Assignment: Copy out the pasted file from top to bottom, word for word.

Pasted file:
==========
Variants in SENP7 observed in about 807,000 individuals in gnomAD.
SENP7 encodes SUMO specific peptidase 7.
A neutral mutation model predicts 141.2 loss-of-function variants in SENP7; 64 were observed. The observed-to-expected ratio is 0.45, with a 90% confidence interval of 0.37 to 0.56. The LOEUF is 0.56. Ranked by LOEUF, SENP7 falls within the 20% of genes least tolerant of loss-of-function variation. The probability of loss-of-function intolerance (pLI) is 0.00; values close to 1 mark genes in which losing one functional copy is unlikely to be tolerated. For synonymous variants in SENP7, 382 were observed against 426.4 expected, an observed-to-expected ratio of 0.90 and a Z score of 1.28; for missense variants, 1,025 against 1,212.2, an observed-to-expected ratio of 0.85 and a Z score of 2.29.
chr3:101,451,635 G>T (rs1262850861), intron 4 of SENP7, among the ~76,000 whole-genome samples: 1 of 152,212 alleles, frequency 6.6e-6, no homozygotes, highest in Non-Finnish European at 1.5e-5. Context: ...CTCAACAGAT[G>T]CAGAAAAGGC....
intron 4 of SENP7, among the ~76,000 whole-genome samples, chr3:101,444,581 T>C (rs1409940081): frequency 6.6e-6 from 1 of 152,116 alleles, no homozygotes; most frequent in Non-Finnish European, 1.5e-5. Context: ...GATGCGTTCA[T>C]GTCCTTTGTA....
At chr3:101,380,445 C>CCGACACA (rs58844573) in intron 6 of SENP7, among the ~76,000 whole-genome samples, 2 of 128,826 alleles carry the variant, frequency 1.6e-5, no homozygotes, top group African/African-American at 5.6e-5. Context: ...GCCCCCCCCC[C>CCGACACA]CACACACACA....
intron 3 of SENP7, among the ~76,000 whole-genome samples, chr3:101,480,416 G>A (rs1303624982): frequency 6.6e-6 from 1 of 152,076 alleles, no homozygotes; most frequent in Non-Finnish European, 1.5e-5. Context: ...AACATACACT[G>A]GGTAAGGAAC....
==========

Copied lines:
Variants in SENP7 observed in about 807,000 individuals in gnomAD.
SENP7 encodes SUMO specific peptidase 7.
A neutral mutation model predicts 141.2 loss-of-function variants in SENP7; 64 were observed. The observed-to-expected ratio is 0.45, with a 90% confidence interval of 0.37 to 0.56. The LOEUF is 0.56. Ranked by LOEUF, SENP7 falls within the 20% of genes least tolerant of loss-of-function variation. The probability of loss-of-function intolerance (pLI) is 0.00; values close to 1 mark genes in which losing one functional copy is unlikely to be tolerated. For synonymous variants in SENP7, 382 were observed against 426.4 expected, an observed-to-expected ratio of 0.90 and a Z score of 1.28; for missense variants, 1,025 against 1,212.2, an observed-to-expected ratio of 0.85 and a Z score of 2.29.
chr3:101,451,635 G>T (rs1262850861), intron 4 of SENP7, among the ~76,000 whole-genome samples: 1 of 152,212 alleles, frequency 6.6e-6, no homozygotes, highest in Non-Finnish European at 1.5e-5. Context: ...CTCAACAGAT[G>T]CAGAAAAGGC....
intron 4 of SENP7, among the ~76,000 whole-genome samples, chr3:101,444,581 T>C (rs1409940081): frequency 6.6e-6 from 1 of 152,116 alleles, no homozygotes; most frequent in Non-Finnish European, 1.5e-5. Context: ...GATGCGTTCA[T>C]GTCCTTTGTA....
At chr3:101,380,445 C>CCGACACA (rs58844573) in intron 6 of SENP7, among the ~76,000 whole-genome samples, 2 of 128,826 alleles carry the variant, frequency 1.6e-5, no homozygotes, top group African/African-American at 5.6e-5. Context: ...GCCCCCCCCC[C>CCGACACA]CACACACACA....
intron 3 of SENP7, among the ~76,000 whole-genome samples, chr3:101,480,416 G>A (rs1303624982): frequency 6.6e-6 from 1 of 152,076 alleles, no homozygotes; most frequent in Non-Finnish European, 1.5e-5. Context: ...AACATACACT[G>A]GGTAAGGAAC....